Café Owner Who Served Mother and Two Children Pot Brownies Fined $15,000

Perth, Australia café owner Nathan Sharp has been fined $15,000 for selling a mother and two children brownies infused with cannabis in 2019, according to 9News. Testing revealed that the brownies contained trace amounts of THC, the main active ingredient in marijuana. The drug is illegal in Western Australia.

In March 2019, Michael Maxwell, Sharon Hoysted, and their two children, Emily, 5, and Tom, 3, stopped by Bada Bing Café for breakfast. There, they purchased two brownies, which Sharon, Emily, and Tom ate. Upon returning home, Emily began screaming and told her parents that her "eyes weren't right" and that "she felt like was in a TV," according to The Brisbane Times. Her brother then began to behave strangely as well, the story said.

The children were taken to the Perth Children's Hospital. While waiting outside their hospital room, Hoysted started to feel sick. Objects were "jumping from one point to another," she said, according to the Australian Broadcasting Corporation (ABC).

"I honestly thought I was going mad," she said. "I thought they were going to take me away and I was never going to see my kids again because I knew what was happening to me, and I wasn't able to control it, and I knew I couldn't stop it from happening again."

Urine samples provided by all three affected family members tested positive for THC, prompting Maxwell to call the police, according to the Times.

The next day, Maxwell returned to the café and purchased another brownie, which he sent to the laboratory ChemCentre for analysis. The analysis allegedly confirmed that the brownies contained something besides eggs, flour, sugar, butter, and chocolate—specifically, THC.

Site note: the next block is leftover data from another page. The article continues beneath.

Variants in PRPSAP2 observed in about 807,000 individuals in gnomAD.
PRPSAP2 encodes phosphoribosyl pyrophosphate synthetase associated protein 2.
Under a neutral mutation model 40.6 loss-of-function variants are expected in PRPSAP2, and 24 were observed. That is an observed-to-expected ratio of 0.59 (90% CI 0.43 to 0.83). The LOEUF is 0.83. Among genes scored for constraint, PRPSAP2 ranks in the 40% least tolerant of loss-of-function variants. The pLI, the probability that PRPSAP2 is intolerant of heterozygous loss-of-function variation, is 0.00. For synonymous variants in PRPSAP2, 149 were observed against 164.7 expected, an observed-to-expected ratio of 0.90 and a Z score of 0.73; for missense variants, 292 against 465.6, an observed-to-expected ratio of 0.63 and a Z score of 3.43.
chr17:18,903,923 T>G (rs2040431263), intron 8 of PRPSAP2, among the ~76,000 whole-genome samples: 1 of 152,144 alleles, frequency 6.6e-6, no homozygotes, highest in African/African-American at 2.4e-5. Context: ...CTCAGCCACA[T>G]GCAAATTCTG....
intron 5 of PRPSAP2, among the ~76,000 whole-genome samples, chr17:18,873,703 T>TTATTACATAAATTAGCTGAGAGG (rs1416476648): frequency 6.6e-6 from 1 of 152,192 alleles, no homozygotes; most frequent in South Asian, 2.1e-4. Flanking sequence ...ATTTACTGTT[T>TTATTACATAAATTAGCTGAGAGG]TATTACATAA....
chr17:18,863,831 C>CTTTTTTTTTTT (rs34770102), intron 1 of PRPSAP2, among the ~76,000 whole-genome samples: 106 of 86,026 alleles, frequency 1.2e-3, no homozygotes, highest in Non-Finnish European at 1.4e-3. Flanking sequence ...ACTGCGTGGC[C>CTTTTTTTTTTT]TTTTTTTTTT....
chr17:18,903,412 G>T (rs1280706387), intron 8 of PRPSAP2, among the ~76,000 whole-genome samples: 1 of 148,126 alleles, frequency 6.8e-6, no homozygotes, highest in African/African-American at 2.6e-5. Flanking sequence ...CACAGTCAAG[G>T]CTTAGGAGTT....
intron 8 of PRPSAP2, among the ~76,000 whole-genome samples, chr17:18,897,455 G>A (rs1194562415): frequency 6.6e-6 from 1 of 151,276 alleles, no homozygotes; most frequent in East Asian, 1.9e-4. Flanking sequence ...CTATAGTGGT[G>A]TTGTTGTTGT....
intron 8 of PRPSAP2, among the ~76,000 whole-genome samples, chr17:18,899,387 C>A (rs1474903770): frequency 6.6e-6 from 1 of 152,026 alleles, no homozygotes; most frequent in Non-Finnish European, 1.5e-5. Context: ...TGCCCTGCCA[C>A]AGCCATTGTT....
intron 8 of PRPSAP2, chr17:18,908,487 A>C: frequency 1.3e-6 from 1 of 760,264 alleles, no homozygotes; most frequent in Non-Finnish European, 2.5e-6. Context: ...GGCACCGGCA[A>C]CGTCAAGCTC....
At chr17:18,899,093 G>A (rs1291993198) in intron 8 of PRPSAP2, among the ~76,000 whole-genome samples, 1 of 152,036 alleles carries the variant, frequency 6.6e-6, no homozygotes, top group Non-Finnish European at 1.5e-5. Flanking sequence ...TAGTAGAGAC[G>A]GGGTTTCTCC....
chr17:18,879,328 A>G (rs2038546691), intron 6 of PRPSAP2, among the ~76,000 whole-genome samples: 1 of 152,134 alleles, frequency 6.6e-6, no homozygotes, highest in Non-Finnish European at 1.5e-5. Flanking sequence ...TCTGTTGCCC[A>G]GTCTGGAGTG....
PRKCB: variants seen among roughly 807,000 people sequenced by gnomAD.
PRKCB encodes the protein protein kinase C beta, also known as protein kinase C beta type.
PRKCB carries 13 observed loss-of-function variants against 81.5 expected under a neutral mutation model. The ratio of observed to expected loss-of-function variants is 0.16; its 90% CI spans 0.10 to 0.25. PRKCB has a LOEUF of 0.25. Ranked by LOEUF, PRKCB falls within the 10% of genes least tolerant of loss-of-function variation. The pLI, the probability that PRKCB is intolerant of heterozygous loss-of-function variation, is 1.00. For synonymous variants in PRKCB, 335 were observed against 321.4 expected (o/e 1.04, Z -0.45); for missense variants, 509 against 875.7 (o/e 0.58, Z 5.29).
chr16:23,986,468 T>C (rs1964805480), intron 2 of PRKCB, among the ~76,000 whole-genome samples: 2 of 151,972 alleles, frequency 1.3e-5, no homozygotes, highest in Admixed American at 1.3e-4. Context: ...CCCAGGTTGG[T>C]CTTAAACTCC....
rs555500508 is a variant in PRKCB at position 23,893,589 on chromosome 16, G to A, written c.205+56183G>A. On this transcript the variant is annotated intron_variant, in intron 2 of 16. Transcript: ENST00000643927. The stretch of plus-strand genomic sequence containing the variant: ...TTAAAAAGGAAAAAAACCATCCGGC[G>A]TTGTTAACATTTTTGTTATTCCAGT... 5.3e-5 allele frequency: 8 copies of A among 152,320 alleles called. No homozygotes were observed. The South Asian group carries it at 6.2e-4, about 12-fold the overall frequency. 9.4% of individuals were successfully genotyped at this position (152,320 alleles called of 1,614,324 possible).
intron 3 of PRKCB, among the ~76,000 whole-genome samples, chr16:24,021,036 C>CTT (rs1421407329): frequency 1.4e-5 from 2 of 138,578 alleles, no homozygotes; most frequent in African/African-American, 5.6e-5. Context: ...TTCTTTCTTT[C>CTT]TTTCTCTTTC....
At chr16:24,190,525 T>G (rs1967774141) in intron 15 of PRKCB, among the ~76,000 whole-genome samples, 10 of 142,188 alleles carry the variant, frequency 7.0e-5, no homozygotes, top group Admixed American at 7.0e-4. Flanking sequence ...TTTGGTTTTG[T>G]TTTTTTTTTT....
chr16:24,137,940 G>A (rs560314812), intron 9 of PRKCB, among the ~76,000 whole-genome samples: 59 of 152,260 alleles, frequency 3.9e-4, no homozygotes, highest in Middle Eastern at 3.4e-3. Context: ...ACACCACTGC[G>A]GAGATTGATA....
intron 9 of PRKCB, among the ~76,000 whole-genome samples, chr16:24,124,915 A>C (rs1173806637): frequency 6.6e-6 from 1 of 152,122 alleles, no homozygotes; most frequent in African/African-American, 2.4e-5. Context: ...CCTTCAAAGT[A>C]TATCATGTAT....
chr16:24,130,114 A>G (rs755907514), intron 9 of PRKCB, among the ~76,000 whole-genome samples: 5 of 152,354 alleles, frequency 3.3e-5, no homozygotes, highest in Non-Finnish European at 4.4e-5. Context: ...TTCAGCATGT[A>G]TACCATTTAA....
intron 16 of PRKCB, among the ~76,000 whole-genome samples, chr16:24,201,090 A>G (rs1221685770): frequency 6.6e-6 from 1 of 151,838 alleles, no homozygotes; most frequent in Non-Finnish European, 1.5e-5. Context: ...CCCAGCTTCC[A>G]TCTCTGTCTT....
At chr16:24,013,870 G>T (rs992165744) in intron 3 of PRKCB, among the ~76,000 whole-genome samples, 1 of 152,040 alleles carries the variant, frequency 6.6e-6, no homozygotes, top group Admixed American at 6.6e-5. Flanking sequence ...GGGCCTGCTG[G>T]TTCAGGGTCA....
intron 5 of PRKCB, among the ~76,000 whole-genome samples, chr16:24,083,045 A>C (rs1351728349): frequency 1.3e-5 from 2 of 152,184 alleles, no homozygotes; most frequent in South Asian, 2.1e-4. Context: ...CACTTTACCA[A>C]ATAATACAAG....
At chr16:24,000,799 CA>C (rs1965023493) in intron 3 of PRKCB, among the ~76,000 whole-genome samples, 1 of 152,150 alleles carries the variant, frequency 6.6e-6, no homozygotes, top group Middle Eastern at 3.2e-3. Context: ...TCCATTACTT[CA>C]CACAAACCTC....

Sharp was eventually arrested and charged with two offenses under the Food Act 2008, according to 9News.

During the trial, Sharp told the court that he had received "cannabis butter" from a friend months before the incident occurred and made brownies with it, according to the ABC. He allegedly told the police that "one must have fallen out the fridge or freezer and got mixed up with the ones in the shop" a week after his arrest, according to the Times, but later denied ever making such statements.

While the judge assigned to the case, Magistrate Lynette Dias, accepted that the sale of the drugged brownies was unintentional, she deemed Sharp neither an "honest, reliable, or credible" witness dismissing his defense as "far-fetched and fanciful," according to the ABC. On May 19, Sharp was found guilty on both counts. However, he reportedly plans to appeal the decision.

Maxwell said that Emily and Tom required psychological counseling after the incident, according to ABC. To this day, he added, they remain somewhat suspicious of strange food.

"Every now and again, and it was only a few days ago ... Tom did say randomly, 'Has this got marijuana in it?'" he said.

In addition to paying $15,000 in fines, Sharp is on the hook for $25,000 in court costs, according to 9News.

A marijuana leaf drapes a brownie.
A marijuana leaf drapes a chocolate brownie festooned with star-shaped sprinkles. Last Wednesday, an Australian cafe owner was found guilty of selling cannabis-infused brownies to a family of customers. YURI CORTEZ/Getty Images